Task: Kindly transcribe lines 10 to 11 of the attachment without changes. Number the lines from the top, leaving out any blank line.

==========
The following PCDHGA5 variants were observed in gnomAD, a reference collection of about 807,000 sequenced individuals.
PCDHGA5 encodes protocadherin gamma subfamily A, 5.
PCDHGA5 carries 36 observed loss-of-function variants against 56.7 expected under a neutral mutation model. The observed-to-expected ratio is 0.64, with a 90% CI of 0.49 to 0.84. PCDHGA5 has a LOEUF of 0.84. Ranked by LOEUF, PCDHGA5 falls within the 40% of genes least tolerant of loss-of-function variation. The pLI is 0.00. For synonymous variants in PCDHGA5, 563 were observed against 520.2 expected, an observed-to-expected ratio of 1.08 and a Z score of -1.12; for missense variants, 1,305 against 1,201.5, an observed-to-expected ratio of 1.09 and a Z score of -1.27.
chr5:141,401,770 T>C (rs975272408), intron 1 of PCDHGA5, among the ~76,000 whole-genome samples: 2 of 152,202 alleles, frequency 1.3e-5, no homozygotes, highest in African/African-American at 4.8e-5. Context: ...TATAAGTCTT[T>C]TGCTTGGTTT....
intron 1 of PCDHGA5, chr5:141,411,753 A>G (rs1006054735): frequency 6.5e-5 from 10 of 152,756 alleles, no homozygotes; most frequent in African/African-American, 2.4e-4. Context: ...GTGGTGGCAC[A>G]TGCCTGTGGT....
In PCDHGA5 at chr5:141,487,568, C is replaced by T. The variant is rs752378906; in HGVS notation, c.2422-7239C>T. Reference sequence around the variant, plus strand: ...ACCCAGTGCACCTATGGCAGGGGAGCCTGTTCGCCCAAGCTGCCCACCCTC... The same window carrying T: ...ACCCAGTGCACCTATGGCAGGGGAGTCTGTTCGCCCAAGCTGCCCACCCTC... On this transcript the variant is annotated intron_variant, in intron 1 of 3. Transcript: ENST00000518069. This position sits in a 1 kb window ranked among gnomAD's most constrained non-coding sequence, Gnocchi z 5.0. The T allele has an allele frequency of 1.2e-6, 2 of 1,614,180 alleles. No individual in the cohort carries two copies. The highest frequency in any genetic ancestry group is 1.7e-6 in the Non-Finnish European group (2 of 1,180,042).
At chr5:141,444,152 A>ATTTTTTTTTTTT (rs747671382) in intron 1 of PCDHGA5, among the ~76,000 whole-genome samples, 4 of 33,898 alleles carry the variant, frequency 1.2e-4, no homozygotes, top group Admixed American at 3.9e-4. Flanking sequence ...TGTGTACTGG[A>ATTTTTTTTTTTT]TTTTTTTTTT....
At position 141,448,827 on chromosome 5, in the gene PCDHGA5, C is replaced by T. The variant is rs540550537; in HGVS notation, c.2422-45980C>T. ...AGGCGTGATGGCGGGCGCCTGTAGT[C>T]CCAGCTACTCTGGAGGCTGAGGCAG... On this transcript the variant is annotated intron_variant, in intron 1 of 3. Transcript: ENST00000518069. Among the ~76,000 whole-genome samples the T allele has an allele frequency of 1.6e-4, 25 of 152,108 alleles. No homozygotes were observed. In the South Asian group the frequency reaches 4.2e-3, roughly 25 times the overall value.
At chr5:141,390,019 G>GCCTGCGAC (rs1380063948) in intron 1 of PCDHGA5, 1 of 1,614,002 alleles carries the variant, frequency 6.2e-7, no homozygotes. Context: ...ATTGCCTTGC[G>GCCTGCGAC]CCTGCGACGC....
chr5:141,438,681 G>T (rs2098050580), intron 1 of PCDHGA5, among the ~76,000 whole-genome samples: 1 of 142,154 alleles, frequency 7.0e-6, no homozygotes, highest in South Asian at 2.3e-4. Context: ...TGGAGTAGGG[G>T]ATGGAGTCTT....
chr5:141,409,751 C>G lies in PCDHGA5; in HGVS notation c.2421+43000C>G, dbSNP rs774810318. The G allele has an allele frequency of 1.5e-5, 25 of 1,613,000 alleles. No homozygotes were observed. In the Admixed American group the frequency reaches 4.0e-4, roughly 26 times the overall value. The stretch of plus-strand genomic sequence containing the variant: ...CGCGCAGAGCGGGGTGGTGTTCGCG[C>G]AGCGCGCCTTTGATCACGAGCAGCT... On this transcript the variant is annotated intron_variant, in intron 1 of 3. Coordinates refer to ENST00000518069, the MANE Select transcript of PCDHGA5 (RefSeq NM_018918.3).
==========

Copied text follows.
chr5:141,438,681 G>T (rs2098050580), intron 1 of PCDHGA5, among the ~76,000 whole-genome samples: 1 of 142,154 alleles, frequency 7.0e-6, no homozygotes, highest in South Asian at 2.3e-4. Context: ...TGGAGTAGGG[G>T]ATGGAGTCTT....
chr5:141,409,751 C>G lies in PCDHGA5; in HGVS notation c.2421+43000C>G, dbSNP rs774810318. The G allele has an allele frequency of 1.5e-5, 25 of 1,613,000 alleles. No homozygotes were observed. In the Admixed American group the frequency reaches 4.0e-4, roughly 26 times the overall value. The stretch of plus-strand genomic sequence containing the variant: ...CGCGCAGAGCGGGGTGGTGTTCGCG[C>G]AGCGCGCCTTTGATCACGAGCAGCT... On this transcript the variant is annotated intron_variant, in intron 1 of 3. Coordinates refer to ENST00000518069, the MANE Select transcript of PCDHGA5 (RefSeq NM_018918.3).